Poor Stieg Larsson

That didn't take long

The Girl Who Fixed the Umlaut
by Nora Ephron


Salander opened the door a crack and spent several paragraphs trying to decide whether to let Blomkvist in. Many italic thoughts flew through her mind. Go away. Perhaps. So what. Etc.

“Please,” he said. “I must see you. The umlaut on my computer isn’t working.”

He was cradling an iBook in his arms. She looked at him. He looked at her. She looked at him. He looked at her. And then she did what she usually did when she had run out of italic thoughts: she shook her head.

“I can’t really go on without an umlaut,” he said. “We’re in Sweden.”

But where in Sweden were they? There was no way to know, especially if you’d never been to Sweden. A few chapters ago, for example, an unscrupulous agent from Swedish Intelligence had tailed Blomkvist by taking Stora Essingen and Gröndal into Södermalm, and then driving down Hornsgatan and across Bellmansgatan via Brännkyrkagatan, with a final left onto Tavastgatan.


[OralHistory] 1918 Flu Epidemic

The last few times I've gone to Goa, I've conducted a few oral history interviews with my parents and anyone else who will sit still long enough to answer my questions.

This time, in talking to my dad, I found out that my grandfather was hired as a grave digger in 1918/19. He was probably around 16/17 at that time, and my dad remembers stories about how they would have a funeral procession (Goa is very catholic) to bury someone who had died, come back to the village church and find another body ready for burial.

I'm glad H5N1 was not as brutal in its virulence.

Soap opera update

Continuing from where they got to from last time, this time around there's been a murder, a robbery and an attempted poisoning.

The woman that had been tied up and consequently lost her man, tries to poison the guy because apparently, he should have known better. And the woman who married into the house had her jewelry stolen and called the cops, which caused a huge scandal in the family and the neighbors, because this sort of thing is just not done. And I missed the plot-line where the guy (the attempted poisoning victim)'s sister has her husband kidnapped and killed for some reason, and she's told that he's gone away. And she discovers a locked trunk in an unused room in the house and breaks the trunk open to discover bloodstained garments.

Whew. I can't wait to get back....

AAA and alternatives

I don't normally think of an auto club as something that works against my long term interests, and it was disconcerting to realize that AAA has been lobbying against the clean air act and opposing new rules that require cleaner burning exhausts. This reprint from Harpers, 2002 lays it all out.

Here's another critique.

I was looking at options to CSAA and came across Better World Club.

A big benefit I can see with BWC is that they have a bicycle assistance program!

Is anyone using Better World Club? What do you think?
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Saturday, dr_memory and whynotkay brought over some drumsticks they found at the farmers market.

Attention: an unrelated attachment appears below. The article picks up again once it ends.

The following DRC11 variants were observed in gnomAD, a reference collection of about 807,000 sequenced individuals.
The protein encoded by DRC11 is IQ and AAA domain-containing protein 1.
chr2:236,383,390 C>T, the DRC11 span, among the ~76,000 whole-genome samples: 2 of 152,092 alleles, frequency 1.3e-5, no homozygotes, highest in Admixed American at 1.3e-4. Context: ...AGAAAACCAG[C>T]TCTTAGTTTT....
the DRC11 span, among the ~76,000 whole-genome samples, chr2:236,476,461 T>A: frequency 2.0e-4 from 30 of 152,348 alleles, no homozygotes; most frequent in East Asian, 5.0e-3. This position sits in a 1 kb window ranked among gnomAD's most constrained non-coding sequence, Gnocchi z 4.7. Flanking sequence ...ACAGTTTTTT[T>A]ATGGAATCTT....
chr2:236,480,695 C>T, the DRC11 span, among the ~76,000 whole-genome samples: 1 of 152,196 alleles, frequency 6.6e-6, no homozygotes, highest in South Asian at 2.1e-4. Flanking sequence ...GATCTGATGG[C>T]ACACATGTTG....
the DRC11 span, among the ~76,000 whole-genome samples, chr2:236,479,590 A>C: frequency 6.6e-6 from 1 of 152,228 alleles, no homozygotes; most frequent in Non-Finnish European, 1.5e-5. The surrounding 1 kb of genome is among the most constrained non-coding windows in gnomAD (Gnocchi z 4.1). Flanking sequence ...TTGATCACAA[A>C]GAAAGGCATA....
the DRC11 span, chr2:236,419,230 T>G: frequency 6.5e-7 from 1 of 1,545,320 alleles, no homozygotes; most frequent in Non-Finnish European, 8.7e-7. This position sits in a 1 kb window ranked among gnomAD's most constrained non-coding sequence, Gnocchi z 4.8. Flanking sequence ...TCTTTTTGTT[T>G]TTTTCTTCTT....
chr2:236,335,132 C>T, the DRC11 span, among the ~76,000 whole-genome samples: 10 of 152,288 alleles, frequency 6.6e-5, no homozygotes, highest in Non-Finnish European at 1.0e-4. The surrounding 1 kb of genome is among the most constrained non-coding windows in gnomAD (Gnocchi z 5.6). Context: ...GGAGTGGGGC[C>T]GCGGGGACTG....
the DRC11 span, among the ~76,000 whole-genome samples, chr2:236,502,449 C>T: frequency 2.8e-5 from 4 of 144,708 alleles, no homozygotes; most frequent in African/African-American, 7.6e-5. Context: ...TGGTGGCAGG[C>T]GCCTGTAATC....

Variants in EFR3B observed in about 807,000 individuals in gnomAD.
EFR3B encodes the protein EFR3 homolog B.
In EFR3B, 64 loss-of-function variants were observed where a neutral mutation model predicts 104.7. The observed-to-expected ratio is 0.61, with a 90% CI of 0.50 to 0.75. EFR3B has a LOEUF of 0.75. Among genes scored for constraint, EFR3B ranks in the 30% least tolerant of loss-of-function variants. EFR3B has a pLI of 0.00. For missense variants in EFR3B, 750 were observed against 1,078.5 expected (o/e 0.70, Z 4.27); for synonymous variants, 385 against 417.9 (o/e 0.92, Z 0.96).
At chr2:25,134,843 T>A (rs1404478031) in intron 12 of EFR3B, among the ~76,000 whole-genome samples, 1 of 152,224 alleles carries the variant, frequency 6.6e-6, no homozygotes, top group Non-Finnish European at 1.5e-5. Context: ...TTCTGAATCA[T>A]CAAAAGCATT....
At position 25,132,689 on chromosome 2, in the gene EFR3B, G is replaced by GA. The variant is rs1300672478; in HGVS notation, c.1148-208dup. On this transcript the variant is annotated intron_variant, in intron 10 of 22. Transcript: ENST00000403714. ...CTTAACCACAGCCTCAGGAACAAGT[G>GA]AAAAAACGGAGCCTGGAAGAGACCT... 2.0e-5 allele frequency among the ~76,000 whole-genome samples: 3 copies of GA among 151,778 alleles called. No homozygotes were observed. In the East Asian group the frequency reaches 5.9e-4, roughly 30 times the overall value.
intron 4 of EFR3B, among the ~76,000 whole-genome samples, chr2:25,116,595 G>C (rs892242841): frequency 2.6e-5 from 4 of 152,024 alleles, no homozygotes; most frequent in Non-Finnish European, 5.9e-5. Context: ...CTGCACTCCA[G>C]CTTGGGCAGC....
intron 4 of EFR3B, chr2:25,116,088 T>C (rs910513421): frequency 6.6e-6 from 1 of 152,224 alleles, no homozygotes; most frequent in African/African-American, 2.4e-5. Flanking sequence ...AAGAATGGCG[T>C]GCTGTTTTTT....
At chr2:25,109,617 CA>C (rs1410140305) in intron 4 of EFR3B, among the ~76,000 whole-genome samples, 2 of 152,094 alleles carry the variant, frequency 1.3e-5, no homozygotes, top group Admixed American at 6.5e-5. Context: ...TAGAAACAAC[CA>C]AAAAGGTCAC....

While I was prepping them for cooking I started wondering about words that exist in other languages but don't have an analog in English. Zun is one and in Konkani means a fruit or vegetable whose seeds are viable, but the fruit is still not ripe. If you pick a zun fruit/vegetable, allow it to dry and then plant it, it will germinate.


Zun is also used when referring to people. If the person is older, it means senile and for a kid, it's usually used in the negative sense, as in you're not yet zun, grasshopper, wait a few years.

That got me wondering: is there a word in English that means something similar? I guess I could use mature, since zun seems to be the equivalent of puberty in fruits, but that's not quite it. And while we do call vegetables tender, it does not really mean the opposite of zun.

Aah, languages!

The impossible project

Good lord, they did it!

New York City, March 22, 2010.

The Impossible Project started in October 2008 at the last preserved Polaroid plant in Enschede (The Netherlands) with the aim to save anlog Instant Photography from extinction; today it presented its significant result. After 17 months of research and development, The Impossible Project announced that it succeeded in its task of re-producing a new analog Instant Film for traditional Polaroid cameras. Containing more than 30 newly developed components, Impossible today introduced a new, monochrome Instant Film - the PX 100 and PX 600 Silver Shade

Ok, it's only b&w for now (and it seems I was late to the party), but this is an exciting development.

[movie] Bounty Hunter

I went to see this with beckastar.

I picked the romantic comedy because a. I thought it would be funny and b. I hadn't seen one in a long time (Trial and Error was the last one that I remember).

And from what I remember, Trial and Error was better than this one.

Avoid it: the characters are non-existent, and the screenplay felt like the writer had taken one of McKee's story classes and come away with exactly the wrong idea. So instead of using character as the basis for the story, they were using the plot to drive the story.

Which made every plot twist and turn completely predictable. And I was a little annoyed that they had missed a few completely obvious comebacks.

This is a terrible movie. I was cringing through most of it. Sorry beckastar.
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